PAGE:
Should a Lawyer be a Coder?

Hughes-Castell, newsletter, Should a Lawyer be a Coder

“Everybody should learn to program a computer because it teaches you how to think,” said Steve Jobs in 1995[1]. At that moment, programming seemed a foreign language for many industries, including the legal profession. However, after almost three decades, coding  is now accorded as a compulsory subject every school child must learn[2]. Should this also accompany legal studies? When we discuss whether lawyers should learn to code, we have to ask if coding is important in law or will benefit lawyers personally.


Is coding important in law?

In an increasingly data and tech-driven legal industry, lawyers could consider becoming coding literate in order to be able to use legal technology to a fuller extent.[3] A better understanding of data security risks, leads to better data security practices which can only benefit clients. For example, a tech-savvy lawyer could create their own AI prompt to receive appropriate responses from using ChatGPT.

Programming expertise certainly gives lawyers a competitive advantage when it comes to advising digital and fintech businesses. Understanding how the code functions and how the development process is structured enables a better understanding of how processes are run within software businesses and how their solutions work.[4]

Everyone is worried about AI replacing some lawyer functions soon. In 2017 JP Morgan began using software called “COIN” (Contract Intelligence) to review commercial loan agreements in order to save on legal spending. By being able to grasp what the impact of AI actually is, you can reap the benefits rather than fall behind the curve.

The legal tech sector is booming. The Covid-19 pandemic was a key factor in accelerating legal tech development as lawyers had to adapt to the changing communication and interaction environment, and clients’ evolving needs and expectations. There became a greater need for legal tech solutions as professionals moved to virtual meetings, e-voting management, and online document collaboration.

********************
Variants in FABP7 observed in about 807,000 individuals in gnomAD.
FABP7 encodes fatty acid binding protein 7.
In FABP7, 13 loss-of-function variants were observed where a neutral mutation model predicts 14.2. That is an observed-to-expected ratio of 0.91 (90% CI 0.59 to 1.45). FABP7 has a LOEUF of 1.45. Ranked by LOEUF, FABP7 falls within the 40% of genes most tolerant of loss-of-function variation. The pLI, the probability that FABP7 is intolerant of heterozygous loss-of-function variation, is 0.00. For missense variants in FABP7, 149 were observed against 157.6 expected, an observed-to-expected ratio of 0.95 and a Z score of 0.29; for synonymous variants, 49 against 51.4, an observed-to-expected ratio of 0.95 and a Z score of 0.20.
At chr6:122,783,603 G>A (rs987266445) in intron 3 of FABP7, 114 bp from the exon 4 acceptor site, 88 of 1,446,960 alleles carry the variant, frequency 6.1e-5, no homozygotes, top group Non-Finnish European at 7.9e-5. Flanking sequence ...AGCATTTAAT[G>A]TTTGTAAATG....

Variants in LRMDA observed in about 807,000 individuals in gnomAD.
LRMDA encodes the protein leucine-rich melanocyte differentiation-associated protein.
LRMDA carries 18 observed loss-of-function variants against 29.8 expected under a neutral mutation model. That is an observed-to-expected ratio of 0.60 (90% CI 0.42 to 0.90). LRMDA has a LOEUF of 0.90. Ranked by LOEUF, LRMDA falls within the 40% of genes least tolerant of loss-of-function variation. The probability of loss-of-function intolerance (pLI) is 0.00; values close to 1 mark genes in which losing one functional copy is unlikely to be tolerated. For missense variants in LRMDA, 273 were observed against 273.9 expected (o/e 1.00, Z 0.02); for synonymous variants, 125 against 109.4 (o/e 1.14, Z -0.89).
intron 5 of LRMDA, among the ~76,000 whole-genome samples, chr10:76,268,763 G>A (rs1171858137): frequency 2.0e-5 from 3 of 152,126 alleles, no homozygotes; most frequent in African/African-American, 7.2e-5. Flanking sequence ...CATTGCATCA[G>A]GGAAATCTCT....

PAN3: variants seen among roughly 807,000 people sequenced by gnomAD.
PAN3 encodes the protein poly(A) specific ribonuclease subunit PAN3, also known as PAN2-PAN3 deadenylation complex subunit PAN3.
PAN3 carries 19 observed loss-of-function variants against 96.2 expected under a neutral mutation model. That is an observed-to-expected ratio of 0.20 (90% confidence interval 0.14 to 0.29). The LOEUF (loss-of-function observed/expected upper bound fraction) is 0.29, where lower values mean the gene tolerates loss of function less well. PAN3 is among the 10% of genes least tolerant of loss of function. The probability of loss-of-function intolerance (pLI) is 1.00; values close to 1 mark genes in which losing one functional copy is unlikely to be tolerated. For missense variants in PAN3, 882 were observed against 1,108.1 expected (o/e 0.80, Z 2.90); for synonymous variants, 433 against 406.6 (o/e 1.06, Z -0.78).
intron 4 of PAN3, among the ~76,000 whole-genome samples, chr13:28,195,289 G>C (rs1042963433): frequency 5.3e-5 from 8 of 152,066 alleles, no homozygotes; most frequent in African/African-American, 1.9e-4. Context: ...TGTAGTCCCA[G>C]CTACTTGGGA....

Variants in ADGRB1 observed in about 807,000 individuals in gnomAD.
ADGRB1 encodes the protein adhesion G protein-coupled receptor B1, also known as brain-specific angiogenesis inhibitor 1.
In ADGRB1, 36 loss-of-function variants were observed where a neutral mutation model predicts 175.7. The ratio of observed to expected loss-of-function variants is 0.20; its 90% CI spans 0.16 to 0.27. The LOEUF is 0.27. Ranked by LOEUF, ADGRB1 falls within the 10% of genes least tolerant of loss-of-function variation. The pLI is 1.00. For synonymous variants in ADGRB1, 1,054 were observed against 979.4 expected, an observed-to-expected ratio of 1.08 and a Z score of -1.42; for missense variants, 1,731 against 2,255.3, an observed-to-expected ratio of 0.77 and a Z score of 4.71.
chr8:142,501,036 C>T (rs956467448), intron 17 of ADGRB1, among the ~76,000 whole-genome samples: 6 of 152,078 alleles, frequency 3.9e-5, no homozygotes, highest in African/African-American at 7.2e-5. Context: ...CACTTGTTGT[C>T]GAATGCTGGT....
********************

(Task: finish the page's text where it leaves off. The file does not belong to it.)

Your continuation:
Why lawyers can be good programmers?

Many lawyers may not be aware that they are more suited to programming than they realize. In reality the core skills of being a good lawyer are actually quite similar to those of a programmer. Lawyers and coders are problem-solvers, processing information and using data to make predictions and informed decisions. Basically, lawyers use variances of math, science, and logical thinking skills in their practice – they just might not realize that they are using the same skills as coders. [5]


A Lawyer’s Guide to Learning to Code

What’s the first step? If you want computer programming skills tailored to the legal field, seek legal-specific courses. Lawyers may find the following programming or computer science skills particularly useful:

    • Python: to help with data analysis with huge legal datasets including legislation, caselaw, regulations, and contracts.
    • Conversational AI: such as ChatGPT and Bard to create instructions to AI.
    • SQL: to help with database management.
    • Cyber Security: to help with data and network protection as well as GDPR.
    • Cloud computing: such as Power Platform and AWS to learn how it can be applied to your practice or to automate your work processes.



[1] Stephen Gruppetta, ‘Steve Jobs 1995: “Everybody should learn to program a computer, because it teaches you how to think,”’, Codetoday, 5 July 2022, (accessed 15 June 2023)

[2] Boboskey, ‘7 Countries that Have Adopted Coding as Subject in Primary, Secondary Education Curricula,’, Boboskey Technologies, 5 October 2022, (accessed 15 June 2023)

[3] Sharon Miki, ‘Programming for Lawyers: Why Lawyers Make Good Programmers’,, Clio, 18 April 2023, (accessed 15 June 2023)

[4] Contractbook, ‘Do lawyers need to learn to code?’, Contractbook, 24 February 2020, (accessed 15 June 2023)

[5] Sharon Miki, ‘Programming for Lawyers: Why Lawyers Make Good Programmers’,, Clio, 18 April 2023, (accessed 15 June 2023)


Featured image by Christopher Gower on Unsplash

Published by Hughes Castell

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